What’s Wrong With Four Stories?

Christopher Alexander has a thing for four-story buildings (see the Pattern Language). And who wouldn’t agree that it’s a great to maintain a direct connection to the street — connection as in, you could shout up and ask your girlfriend to throw down the keys. But in today’s cities, does it make sense to put such a limit on density?

Following up on my street walls post, check out some more of the 4-story corridor that’s coalescing on the northern end of Eastlake Ave:

[ Funky: At the corner of Eastlake and Harvard Ave. ]

[ Across the street from the Coronado: If you can’t think of something nice to say… ]

[ Ruby Condominiums: Under construction, just after you come out from under the I-5 shipping canal bridge. ]

Commenter Steve surmised that this section of Eastlake will never be a vibrant pedestrian district because it draws from too small a residential area. But what if each of these new 4-story residential buildings had two more floors, i.e., 2/3 more units?

I don’t get Seattle’s NC-40 zone. You can’t even build a decent “3-over-1” mixed-use building in 40 feet because there isn’t enough height for a standard retail space (this is why NC-65 has that extra five feet tacked on). Fortunately, developers routinely get the extra ~ 5 feet they need through an allowance in the code. Even so, it can be a challenge to make a 4-story building pencil when underground parking is desired, and so the developer ends up cutting corners elsewhere in the building, e.g. facade materials and windows.

Seattle needs to take another look at its NC-40 zones to identify those that should be upzoned to NC-65. A prime example is 23rd and Union. Of course, there are places where a 40-foot height limit makes sense. But I suspect there are lots of areas where an upzone is warranted.

Upzones are always controversial. But if we’re serious about creating a more sustainable city through densification, we’ll have to accept that change is not painless.

(Note: Ruby Condos was designed by Johnson Architecture, who also designed Trace Lofts.)

7 Responses to “What’s Wrong With Four Stories?”

  1. Dan Staley

    Huh. That was a regular bike route just a couple short months ago. Now looky. Rapid change indeed, Dan’l.

  2. Andrew

    It’s funny I was having this exact conversation with Ben Schiendelman (another guy at STB) and we came to the same conclusion, but this time about Aurora.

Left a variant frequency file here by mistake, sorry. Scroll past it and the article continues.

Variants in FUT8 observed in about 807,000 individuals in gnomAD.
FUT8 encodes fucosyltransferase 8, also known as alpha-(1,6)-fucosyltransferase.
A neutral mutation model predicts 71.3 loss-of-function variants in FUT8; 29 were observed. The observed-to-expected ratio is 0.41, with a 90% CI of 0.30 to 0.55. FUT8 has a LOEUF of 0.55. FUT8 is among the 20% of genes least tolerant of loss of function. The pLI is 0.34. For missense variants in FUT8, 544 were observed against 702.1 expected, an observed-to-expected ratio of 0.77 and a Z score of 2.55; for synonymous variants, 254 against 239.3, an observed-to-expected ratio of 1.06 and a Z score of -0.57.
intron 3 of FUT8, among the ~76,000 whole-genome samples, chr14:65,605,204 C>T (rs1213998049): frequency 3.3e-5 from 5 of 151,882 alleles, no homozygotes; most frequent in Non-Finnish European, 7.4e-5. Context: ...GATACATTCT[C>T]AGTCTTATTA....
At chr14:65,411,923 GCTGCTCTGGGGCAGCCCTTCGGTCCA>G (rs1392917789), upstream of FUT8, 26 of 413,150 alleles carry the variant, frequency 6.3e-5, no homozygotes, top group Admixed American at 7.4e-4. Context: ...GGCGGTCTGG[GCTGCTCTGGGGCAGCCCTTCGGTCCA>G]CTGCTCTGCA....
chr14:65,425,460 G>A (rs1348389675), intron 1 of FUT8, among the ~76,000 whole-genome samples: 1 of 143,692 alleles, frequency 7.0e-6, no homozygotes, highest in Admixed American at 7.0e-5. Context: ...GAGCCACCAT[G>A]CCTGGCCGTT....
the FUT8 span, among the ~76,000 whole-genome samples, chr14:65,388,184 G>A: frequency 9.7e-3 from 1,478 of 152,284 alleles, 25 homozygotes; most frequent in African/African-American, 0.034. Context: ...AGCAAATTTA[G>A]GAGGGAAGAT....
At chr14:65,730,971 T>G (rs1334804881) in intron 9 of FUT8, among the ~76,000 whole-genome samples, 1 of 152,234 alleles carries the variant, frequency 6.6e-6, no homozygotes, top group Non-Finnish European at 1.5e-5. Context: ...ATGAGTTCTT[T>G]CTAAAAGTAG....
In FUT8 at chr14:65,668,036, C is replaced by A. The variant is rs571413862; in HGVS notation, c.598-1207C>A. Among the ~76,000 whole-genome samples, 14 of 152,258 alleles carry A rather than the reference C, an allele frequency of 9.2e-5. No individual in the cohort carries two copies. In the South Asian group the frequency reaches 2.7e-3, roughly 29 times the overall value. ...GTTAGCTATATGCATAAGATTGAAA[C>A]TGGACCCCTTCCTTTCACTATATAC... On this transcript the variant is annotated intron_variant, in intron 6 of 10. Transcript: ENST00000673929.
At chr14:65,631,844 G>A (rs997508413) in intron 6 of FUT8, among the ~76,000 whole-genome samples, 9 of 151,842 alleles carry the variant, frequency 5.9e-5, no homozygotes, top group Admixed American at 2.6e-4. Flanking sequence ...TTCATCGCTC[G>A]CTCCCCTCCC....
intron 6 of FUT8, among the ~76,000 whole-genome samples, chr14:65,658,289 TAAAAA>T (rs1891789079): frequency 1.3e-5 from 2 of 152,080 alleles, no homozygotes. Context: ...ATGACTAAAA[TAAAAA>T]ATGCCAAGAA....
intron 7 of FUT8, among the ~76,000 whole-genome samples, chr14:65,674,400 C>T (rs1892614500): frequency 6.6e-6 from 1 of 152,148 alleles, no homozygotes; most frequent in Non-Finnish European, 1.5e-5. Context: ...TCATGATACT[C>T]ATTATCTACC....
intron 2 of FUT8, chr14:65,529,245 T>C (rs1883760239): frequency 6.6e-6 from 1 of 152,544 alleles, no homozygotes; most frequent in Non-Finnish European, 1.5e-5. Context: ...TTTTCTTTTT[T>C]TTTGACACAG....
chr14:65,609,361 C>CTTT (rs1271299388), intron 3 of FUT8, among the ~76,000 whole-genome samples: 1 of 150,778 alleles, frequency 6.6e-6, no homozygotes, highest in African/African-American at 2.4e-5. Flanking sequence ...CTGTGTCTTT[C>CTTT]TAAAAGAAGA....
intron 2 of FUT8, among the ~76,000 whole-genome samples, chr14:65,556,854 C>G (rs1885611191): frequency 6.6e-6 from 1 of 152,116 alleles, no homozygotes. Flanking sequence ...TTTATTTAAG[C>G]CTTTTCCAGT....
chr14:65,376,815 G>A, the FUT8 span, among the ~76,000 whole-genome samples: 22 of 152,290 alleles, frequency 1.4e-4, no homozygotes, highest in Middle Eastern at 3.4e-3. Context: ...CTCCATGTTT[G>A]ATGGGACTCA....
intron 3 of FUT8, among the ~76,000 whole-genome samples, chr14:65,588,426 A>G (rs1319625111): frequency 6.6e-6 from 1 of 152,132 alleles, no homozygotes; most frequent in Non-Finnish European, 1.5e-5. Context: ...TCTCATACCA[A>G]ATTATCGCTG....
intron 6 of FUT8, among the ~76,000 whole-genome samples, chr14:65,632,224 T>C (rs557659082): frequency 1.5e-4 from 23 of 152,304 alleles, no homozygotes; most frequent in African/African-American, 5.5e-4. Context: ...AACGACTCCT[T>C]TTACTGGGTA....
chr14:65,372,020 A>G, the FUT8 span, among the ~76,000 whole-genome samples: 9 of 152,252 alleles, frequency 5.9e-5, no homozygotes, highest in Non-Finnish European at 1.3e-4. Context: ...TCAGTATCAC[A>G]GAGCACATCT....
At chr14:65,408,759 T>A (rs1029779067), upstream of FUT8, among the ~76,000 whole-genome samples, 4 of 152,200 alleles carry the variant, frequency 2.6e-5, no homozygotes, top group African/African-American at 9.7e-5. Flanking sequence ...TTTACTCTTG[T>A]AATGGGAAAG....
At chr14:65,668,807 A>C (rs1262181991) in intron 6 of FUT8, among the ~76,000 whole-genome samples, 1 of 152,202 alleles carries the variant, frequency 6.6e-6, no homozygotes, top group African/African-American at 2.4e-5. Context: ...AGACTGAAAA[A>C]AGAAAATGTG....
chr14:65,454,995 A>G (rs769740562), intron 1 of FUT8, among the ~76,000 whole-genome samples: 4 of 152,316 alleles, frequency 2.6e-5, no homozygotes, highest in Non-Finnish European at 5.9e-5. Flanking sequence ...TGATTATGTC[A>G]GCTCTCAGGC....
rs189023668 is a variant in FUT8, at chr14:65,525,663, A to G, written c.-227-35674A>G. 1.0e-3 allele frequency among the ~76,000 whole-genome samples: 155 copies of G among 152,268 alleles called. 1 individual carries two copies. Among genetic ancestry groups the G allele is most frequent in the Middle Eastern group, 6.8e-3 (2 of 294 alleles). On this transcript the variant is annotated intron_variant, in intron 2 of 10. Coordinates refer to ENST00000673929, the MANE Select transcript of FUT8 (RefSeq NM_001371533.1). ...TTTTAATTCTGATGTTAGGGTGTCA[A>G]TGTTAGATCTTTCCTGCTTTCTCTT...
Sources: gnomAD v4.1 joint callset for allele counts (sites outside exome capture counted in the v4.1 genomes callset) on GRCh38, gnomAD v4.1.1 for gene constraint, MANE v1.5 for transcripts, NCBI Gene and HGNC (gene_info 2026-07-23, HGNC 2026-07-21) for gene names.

3. Andrew

    BTW, the height is 40′ on aurora also,.

  4. Josh Mahar

    If I recall, Alexander’s argument revolves around the fact that no more than 4 stories is necessary for a vibrant city. In most cases I think he;s right (i.e. Europe).

    I think you underestimate Eastlake, its on a route from the North End to Downtown and unlifting a bunch of those single family homes could easily double or triple the population in the area. Limiting the height helps maintain some connection with the water for everyone.

  5. Steve

    Aurora and Eastlake seem pretty different to me — Eastlake at least has the potential to be pleasant (e.g. if there were a few more traffic lights, so nobody got going faster than about 30 mph). Aurora will never be a good street to live next to. I think this, rather than the height restriction, is why some of the big developments up in Bitter Lake are happening along Linden rather than along Aurora.

    All that said, I believe the true distinction between where NC-65 zones exist vs. where NC-40 zones exist is the distinction between a neighborhood that wants development to happen and one that believe everything can stay as it is.

    None of which is to say 4 story buildings are bad. But I’m with danb — there are a lot of places that could use NC-65 upgrades.

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    […] Krugman’s description of the Berlin neighborhood consisting mainly of four and five story apartments further congeals a thought that’s been knocking around my head lately: that ultimately the sustainable urban form of the future will be midrise. In this spicy essay on localism, James Howard Kunstler quips that “skyscrapers are an endangered species,” basically because they are too energy intensive. Midrise (4 to 6 stories) is relatively cheap to build, doesn’t necessarily need elevators, has an agreeable urban form, and can achieve high density (if there are enough of them). Maybe I should shut up about upzoning for taller buildings… […]

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